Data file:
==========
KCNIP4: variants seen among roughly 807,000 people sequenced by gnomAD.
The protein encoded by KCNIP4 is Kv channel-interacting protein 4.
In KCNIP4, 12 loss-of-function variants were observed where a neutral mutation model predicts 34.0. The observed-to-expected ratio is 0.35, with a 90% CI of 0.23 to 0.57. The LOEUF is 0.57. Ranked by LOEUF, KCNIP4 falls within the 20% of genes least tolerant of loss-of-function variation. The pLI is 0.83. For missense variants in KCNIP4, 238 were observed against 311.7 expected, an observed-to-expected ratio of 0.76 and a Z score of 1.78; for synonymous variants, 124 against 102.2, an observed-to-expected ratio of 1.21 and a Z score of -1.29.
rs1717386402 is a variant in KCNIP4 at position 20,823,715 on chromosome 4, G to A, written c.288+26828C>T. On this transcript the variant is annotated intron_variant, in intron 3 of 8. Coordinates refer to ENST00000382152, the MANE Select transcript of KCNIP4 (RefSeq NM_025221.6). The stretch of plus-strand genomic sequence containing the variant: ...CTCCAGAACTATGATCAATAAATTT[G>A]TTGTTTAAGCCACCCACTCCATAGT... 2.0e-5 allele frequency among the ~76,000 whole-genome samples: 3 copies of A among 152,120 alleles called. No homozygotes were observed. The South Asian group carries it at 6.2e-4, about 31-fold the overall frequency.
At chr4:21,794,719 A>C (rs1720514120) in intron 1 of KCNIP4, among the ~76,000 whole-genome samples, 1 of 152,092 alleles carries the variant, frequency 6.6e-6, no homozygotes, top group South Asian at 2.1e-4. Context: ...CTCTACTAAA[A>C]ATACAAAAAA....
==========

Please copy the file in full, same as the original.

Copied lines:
KCNIP4: variants seen among roughly 807,000 people sequenced by gnomAD.
The protein encoded by KCNIP4 is Kv channel-interacting protein 4.
In KCNIP4, 12 loss-of-function variants were observed where a neutral mutation model predicts 34.0. The observed-to-expected ratio is 0.35, with a 90% CI of 0.23 to 0.57. The LOEUF is 0.57. Ranked by LOEUF, KCNIP4 falls within the 20% of genes least tolerant of loss-of-function variation. The pLI is 0.83. For missense variants in KCNIP4, 238 were observed against 311.7 expected, an observed-to-expected ratio of 0.76 and a Z score of 1.78; for synonymous variants, 124 against 102.2, an observed-to-expected ratio of 1.21 and a Z score of -1.29.
rs1717386402 is a variant in KCNIP4 at position 20,823,715 on chromosome 4, G to A, written c.288+26828C>T. On this transcript the variant is annotated intron_variant, in intron 3 of 8. Coordinates refer to ENST00000382152, the MANE Select transcript of KCNIP4 (RefSeq NM_025221.6). The stretch of plus-strand genomic sequence containing the variant: ...CTCCAGAACTATGATCAATAAATTT[G>A]TTGTTTAAGCCACCCACTCCATAGT... 2.0e-5 allele frequency among the ~76,000 whole-genome samples: 3 copies of A among 152,120 alleles called. No homozygotes were observed. The South Asian group carries it at 6.2e-4, about 31-fold the overall frequency.
At chr4:21,794,719 A>C (rs1720514120) in intron 1 of KCNIP4, among the ~76,000 whole-genome samples, 1 of 152,092 alleles carries the variant, frequency 6.6e-6, no homozygotes, top group South Asian at 2.1e-4. Context: ...CTCTACTAAA[A>C]ATACAAAAAA....